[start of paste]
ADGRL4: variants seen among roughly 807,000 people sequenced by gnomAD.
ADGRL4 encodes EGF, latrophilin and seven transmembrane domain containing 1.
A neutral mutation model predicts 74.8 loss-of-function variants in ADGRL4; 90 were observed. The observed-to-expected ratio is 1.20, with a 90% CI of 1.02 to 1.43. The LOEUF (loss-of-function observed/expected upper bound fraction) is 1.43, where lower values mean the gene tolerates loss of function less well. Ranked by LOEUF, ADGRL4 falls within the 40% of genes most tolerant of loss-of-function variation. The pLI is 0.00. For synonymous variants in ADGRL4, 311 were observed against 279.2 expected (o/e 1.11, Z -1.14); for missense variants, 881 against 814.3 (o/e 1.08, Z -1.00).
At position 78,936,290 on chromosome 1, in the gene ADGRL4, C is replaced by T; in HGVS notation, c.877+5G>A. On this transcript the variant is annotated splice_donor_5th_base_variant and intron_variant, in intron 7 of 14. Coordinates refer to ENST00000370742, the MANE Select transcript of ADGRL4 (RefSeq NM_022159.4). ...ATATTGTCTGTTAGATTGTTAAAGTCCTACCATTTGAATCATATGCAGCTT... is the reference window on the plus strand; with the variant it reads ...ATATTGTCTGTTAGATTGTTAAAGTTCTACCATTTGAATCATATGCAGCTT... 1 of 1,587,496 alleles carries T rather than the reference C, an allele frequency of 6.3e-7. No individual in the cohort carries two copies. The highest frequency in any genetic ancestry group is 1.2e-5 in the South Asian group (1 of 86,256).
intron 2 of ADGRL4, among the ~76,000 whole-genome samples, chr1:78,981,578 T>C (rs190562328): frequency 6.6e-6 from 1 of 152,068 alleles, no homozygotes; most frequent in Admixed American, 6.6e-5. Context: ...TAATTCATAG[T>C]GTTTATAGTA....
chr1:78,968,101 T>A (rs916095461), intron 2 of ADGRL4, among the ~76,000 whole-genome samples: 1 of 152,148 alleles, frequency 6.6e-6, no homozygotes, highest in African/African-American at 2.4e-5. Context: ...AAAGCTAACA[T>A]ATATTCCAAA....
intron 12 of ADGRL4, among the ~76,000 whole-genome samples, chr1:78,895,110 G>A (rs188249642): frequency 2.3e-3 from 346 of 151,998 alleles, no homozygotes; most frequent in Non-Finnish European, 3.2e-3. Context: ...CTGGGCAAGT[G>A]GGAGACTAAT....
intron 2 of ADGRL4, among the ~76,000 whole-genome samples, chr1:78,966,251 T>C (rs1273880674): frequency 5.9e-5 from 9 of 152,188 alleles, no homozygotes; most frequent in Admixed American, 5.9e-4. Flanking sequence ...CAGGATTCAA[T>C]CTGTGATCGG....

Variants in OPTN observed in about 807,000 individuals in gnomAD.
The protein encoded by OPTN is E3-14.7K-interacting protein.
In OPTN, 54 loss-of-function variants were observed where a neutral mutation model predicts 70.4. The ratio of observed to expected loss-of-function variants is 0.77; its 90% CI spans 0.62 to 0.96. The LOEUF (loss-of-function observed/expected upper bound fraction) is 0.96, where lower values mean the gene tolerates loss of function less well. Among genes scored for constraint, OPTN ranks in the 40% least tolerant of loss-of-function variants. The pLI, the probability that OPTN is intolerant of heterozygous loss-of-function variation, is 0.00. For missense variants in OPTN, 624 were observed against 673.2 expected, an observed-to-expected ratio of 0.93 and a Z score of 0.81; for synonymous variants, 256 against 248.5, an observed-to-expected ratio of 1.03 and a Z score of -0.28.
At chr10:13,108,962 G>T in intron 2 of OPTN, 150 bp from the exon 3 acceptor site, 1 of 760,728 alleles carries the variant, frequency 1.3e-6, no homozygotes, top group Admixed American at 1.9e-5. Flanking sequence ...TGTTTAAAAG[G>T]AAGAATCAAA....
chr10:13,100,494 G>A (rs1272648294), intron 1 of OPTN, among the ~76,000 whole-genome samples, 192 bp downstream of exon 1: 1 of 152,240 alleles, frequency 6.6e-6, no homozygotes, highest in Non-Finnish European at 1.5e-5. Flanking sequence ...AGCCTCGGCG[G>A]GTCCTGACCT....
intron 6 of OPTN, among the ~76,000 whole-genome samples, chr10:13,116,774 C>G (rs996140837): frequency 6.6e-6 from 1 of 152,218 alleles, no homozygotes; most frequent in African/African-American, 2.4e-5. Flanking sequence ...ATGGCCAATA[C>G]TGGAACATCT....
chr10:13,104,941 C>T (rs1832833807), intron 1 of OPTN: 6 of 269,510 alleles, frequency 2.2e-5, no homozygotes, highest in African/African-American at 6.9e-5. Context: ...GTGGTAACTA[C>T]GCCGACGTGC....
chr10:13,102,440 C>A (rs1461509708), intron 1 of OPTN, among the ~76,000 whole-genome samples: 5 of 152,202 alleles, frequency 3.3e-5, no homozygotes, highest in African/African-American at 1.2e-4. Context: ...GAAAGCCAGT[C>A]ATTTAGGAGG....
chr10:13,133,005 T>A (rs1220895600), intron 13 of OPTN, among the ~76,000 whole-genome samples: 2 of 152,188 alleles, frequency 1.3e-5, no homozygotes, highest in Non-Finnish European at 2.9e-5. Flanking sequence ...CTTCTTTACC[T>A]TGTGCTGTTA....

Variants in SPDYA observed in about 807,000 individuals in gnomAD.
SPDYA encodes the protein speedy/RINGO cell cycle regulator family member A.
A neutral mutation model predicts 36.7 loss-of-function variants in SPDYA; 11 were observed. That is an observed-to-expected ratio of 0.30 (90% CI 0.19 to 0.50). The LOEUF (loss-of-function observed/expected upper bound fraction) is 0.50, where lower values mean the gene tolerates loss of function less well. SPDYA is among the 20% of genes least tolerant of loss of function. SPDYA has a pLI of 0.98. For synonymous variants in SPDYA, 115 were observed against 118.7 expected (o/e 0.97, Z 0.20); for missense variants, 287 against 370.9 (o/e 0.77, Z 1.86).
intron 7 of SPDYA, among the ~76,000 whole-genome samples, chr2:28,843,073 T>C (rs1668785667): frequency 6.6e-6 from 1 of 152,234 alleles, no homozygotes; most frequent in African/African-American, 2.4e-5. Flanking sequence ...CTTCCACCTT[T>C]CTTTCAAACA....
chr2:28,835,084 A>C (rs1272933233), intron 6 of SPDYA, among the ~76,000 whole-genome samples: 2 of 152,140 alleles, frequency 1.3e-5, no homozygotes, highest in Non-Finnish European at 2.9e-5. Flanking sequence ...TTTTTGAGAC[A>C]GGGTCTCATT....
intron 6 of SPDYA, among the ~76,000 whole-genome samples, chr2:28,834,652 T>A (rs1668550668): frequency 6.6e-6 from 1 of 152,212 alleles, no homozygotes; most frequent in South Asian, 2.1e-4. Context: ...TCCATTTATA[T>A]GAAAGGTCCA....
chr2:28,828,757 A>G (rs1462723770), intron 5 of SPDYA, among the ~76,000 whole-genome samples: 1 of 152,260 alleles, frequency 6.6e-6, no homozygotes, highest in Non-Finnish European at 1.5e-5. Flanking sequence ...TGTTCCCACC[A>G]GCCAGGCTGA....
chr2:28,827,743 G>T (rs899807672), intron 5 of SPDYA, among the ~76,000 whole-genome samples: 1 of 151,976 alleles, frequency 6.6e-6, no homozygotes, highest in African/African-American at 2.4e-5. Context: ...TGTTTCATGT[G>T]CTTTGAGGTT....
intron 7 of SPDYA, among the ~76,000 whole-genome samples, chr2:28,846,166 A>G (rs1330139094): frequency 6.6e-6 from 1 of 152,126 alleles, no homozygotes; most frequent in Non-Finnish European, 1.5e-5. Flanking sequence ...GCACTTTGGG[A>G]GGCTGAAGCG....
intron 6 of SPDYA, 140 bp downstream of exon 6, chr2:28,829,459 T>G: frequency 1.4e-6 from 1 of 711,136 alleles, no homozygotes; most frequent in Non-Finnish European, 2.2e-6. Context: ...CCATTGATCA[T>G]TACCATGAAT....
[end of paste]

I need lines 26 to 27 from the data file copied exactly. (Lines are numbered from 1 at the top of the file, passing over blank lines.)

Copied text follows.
intron 7 of SPDYA, among the ~76,000 whole-genome samples, chr2:28,846,166 A>G (rs1330139094): frequency 6.6e-6 from 1 of 152,126 alleles, no homozygotes; most frequent in Non-Finnish European, 1.5e-5. Flanking sequence ...GCACTTTGGG[A>G]GGCTGAAGCG....
intron 6 of SPDYA, 140 bp downstream of exon 6, chr2:28,829,459 T>G: frequency 1.4e-6 from 1 of 711,136 alleles, no homozygotes; most frequent in Non-Finnish European, 2.2e-6. Context: ...CCATTGATCA[T>G]TACCATGAAT....